So was the time spent stirring and mixing worth it? Yes. The time it takes to make bread, yogurt, ice cream...well, just about anything myself...has given me a greater appreciation for what I eat. I read somewhere, that when we eat good quality food, we tend to eat less of it. After my experiences these last few weeks, I must believe that it is true. When one works hard to prepare something, it must be slowly enjoyed. We live in a culture where everything is fast and easy to get. If I'm out of something, I can run to the store and get it. If I don't feel like cooking, our little town has a couple of dozen places to get something prepare for me. Need a new shirt? Just buy one. Plastic dishes, silverware, cups...use it once and out it goes! That quickness and facility leads to excess consumption of food and other goods. We waste, we hoard, we gorge. We don't respect, appreciate and savor! One of the reasons I wanted to do this project for Lent this year was to really focus on my consumption. I already recycle and reuse what I can, but to reduce my consumption at the store was something I hadn't done to my fullest ability. It has been a challenge, to be sure, but the rewards have been worth it.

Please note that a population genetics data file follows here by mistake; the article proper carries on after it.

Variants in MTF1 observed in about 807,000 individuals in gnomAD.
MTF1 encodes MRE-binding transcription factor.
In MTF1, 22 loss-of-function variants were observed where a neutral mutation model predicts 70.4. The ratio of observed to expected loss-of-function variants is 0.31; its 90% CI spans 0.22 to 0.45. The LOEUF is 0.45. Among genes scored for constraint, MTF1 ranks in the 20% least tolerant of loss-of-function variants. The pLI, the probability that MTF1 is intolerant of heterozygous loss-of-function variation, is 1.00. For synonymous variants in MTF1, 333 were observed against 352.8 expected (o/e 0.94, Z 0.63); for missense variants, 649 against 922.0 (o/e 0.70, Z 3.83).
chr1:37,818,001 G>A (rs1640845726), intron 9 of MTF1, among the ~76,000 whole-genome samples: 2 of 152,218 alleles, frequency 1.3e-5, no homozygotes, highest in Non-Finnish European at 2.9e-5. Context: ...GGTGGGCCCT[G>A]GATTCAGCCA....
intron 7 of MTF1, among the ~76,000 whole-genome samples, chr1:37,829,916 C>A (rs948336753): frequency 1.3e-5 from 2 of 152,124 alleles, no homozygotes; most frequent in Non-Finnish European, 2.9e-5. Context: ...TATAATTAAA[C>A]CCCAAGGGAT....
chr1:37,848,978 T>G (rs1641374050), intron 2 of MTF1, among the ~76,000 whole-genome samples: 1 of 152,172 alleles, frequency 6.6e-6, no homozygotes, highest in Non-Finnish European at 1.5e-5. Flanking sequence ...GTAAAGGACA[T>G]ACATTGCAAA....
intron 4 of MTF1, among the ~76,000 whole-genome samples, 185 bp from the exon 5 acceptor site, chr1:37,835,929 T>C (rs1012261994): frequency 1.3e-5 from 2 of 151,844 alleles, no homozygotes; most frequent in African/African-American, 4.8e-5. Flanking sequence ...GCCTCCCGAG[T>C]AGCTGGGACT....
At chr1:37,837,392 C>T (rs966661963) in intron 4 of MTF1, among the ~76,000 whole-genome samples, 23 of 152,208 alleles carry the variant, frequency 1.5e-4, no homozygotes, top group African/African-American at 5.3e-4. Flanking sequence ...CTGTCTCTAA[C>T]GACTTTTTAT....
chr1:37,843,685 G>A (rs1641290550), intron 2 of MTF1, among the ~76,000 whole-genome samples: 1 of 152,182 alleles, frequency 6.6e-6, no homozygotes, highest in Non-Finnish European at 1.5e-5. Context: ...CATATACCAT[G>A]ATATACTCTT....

Saturday, March 13, 2010
This year for Lent, I have set for myself the challenge of making due with what I have and making everything I need. I want to reduce my consumption of processed foods and mass produced "stuff." If I can make it myself, I will or will go without. If I cannot making it myself, then I must question whether it is something that I really need. My short list of things I will be making instead of buying:
- bread -- I have a bread machine in the bottom of the pantry that has been unused for about six months. I will also be experimenting with making it by hand.
- yogurt - I have been wanting to make my own yogurt for a couple of years now. I keep chickening out on it, however. Not any more! I will first try it in my crockpot and perhaps try other methods.
- tortillas - I've made these before but recall that they are quite labor intensive. I'll be on the look out for easy ideas.
- soup stock (chicken, beef, vegetable) - I have always made these in the past, but never consistently. Those little cans at the store are so convenient!
- breakfast - We usually have cold cereal for breakfast during the week. It's quick and the children like it. I like all breakfast foods, so this will probably be hardest on them and a treat for me!
- juice - We usually have orange juice, apple juice or cranberry juice on hand. During this time we will be eating fresh fruits instead of juice and squeezing our own, if we must have it. Good thing oranges are on sale.
By Easter, I hope to have reduced both my grocery bill and my trash production (fruit and veg scraps will be composted), increased my nutrition by eating more whole foods and improved my culinary repertoire by trying new things. I also hope to be made more mindful of what I eat, where it comes from, and how it is prepared.